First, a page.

The above size and weight comparisons are to some extent incomplete since they do not consider the interchangeable lenses that both of these cameras require. A larger imaging sensor will tend to go along with bigger and heavier lenses, although exceptions exist. You can compare the optics available for the two cameras in the Nikon Lens Catalog (D5) and the Micro Four Thirds Lens Catalog (GH4). Mirrorless cameras, such as the GH4, have moreover the advantage that they can use many lenses from other systems via adapters, as they have a relatively short flange to focal plane distance.
Concerning battery life, the D5 gets 3780 shots out of its EN-EL18a battery, while the GH4 can take 500 images on a single charge of its DMW-BLF19 power pack. As can be seen in the images above, the D5 has a battery grip built in. This facilitates image-taking in portrait orientation and gives it additional battery power. In order to provide similar functionality for the GH4, Panasonic provides the DMW-BGGH3 vertical grip as an optional accessory (see here on eBay).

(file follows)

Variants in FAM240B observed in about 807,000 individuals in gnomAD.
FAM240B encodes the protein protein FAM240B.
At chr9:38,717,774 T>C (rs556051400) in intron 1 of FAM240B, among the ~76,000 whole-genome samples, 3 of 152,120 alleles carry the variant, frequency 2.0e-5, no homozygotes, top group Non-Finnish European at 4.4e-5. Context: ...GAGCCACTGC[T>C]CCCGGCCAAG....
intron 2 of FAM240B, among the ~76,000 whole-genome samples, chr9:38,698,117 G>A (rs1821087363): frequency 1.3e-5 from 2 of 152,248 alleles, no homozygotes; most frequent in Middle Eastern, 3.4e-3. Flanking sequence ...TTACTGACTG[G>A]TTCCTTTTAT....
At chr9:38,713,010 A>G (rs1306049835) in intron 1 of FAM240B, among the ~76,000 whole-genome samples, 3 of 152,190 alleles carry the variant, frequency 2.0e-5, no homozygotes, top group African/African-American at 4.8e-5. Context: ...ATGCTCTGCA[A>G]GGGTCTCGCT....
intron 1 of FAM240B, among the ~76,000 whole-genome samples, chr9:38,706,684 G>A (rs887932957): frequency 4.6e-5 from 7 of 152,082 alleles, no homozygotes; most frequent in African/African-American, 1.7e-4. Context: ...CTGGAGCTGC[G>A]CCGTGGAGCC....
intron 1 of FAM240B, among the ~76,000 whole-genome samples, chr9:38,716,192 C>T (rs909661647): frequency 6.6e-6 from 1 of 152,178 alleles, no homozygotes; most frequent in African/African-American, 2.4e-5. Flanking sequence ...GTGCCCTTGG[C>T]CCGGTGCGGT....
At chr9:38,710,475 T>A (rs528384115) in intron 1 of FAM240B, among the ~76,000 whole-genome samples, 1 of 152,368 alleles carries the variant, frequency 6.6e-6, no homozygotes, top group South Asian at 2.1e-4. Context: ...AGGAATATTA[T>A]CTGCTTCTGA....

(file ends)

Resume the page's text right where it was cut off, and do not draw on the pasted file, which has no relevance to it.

The table below summarizes the key physical specs of the two cameras alongside a broader set of comparators. If you would like to visualize and compare a different camera combination, you can navigate to the CAM-parator app and make your selection from a broad list of cameras there.
|1.||Nikon D5||160 mm||159 mm||92 mm||1415 g||3780||Y||Jan 2016||6,499|
|2.||Panasonic GH4||133 mm||93 mm||84 mm||560 g||500||Y||Feb 2014||1,499|
|3.||Canon 1D X Mark II||158 mm||168 mm||83 mm||1530 g||1210||Y||Feb 2016||5,999|
|4.||Leica SL||147 mm||104 mm||39 mm||847 g||400||Y||Oct 2015||7,450|